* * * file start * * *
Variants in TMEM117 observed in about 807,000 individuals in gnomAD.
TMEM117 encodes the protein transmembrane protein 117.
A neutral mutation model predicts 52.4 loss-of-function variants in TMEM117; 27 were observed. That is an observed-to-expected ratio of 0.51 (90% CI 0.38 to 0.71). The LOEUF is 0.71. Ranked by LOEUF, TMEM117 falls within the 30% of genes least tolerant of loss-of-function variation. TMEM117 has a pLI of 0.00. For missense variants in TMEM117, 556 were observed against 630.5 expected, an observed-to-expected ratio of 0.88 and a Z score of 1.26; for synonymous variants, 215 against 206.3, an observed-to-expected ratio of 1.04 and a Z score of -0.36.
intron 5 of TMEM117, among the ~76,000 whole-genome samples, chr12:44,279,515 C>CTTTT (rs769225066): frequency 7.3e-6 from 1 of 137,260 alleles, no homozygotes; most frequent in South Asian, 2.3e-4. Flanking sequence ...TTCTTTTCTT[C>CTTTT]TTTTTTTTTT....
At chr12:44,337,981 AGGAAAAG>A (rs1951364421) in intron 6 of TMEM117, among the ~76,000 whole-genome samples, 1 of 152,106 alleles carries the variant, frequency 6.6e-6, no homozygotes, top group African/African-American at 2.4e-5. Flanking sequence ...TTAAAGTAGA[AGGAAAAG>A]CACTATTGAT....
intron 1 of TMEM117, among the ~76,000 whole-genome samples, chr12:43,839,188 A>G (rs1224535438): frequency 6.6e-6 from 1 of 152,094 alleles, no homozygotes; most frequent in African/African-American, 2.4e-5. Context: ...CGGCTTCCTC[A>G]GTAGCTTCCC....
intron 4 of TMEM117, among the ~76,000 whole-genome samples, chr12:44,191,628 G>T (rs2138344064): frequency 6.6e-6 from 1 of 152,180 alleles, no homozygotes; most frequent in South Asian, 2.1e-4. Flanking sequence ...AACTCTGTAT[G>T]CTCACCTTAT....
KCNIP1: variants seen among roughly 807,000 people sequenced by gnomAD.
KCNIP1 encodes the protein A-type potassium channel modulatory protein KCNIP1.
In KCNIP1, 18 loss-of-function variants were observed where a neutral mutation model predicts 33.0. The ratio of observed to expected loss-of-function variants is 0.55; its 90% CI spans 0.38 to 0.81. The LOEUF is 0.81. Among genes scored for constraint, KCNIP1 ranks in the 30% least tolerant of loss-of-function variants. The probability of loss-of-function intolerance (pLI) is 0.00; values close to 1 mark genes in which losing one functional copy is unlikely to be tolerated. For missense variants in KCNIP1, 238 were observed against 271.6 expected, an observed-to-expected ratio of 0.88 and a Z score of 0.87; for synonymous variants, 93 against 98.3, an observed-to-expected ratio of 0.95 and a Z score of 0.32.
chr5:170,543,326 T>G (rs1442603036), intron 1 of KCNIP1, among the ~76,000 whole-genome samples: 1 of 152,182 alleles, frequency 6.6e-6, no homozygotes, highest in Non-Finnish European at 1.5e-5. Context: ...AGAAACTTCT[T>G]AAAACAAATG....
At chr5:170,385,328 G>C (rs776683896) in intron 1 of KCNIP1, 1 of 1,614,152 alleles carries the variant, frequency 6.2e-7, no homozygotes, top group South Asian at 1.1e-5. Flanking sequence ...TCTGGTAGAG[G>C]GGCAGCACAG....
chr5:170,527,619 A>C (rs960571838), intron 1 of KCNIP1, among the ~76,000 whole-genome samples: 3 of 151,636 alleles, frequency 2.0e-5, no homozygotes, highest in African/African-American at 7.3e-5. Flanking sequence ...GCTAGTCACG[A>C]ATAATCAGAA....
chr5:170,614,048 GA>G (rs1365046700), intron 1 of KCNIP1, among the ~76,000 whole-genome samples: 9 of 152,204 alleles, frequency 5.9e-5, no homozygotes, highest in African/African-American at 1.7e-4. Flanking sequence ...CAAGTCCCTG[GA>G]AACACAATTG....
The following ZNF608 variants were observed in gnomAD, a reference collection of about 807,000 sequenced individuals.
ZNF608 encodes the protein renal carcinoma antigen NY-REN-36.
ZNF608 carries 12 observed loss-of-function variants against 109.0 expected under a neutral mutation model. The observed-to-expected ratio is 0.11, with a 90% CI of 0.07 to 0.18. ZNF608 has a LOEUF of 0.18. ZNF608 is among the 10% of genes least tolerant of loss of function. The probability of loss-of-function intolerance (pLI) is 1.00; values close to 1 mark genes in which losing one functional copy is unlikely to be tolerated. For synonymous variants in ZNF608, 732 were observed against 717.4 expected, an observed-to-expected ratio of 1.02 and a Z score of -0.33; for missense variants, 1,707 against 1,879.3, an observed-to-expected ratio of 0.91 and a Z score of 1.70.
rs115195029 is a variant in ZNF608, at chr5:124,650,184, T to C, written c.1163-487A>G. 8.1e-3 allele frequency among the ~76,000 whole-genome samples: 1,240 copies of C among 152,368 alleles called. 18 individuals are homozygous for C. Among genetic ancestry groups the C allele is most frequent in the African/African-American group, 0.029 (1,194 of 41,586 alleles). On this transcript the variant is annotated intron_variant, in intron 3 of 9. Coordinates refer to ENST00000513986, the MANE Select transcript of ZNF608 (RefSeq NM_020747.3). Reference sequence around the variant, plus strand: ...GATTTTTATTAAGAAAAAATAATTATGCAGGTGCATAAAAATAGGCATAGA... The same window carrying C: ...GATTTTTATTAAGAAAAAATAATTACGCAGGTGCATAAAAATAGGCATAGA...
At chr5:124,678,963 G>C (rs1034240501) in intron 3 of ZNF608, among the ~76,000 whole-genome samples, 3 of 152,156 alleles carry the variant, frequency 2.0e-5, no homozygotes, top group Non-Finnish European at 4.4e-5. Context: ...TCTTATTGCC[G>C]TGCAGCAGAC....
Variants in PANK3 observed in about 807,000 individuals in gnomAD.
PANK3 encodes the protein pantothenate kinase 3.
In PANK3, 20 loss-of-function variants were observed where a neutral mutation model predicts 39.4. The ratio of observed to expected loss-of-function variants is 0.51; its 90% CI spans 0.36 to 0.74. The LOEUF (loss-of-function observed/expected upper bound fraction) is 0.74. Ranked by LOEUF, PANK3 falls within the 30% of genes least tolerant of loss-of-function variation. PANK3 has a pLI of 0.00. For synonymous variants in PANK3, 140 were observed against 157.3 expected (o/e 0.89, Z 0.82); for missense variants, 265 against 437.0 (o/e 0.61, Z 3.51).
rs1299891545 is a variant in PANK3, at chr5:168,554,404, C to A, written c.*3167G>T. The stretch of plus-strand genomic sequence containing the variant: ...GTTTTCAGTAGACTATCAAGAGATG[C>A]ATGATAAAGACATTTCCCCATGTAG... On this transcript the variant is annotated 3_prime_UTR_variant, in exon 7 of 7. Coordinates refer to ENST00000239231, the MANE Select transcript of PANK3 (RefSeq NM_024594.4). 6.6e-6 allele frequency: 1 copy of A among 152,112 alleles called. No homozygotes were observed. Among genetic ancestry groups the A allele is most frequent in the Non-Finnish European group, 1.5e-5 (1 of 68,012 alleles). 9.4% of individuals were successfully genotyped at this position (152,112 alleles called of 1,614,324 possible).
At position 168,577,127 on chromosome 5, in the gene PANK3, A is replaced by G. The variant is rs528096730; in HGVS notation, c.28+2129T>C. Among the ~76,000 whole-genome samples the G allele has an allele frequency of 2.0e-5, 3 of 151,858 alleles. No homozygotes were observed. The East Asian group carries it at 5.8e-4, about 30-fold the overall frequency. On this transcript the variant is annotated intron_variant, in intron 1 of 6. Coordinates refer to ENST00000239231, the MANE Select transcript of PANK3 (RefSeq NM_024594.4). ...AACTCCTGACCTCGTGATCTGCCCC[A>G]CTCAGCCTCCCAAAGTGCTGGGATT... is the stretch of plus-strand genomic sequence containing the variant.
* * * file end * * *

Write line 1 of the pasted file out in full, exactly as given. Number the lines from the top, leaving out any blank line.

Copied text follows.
Variants in TMEM117 observed in about 807,000 individuals in gnomAD.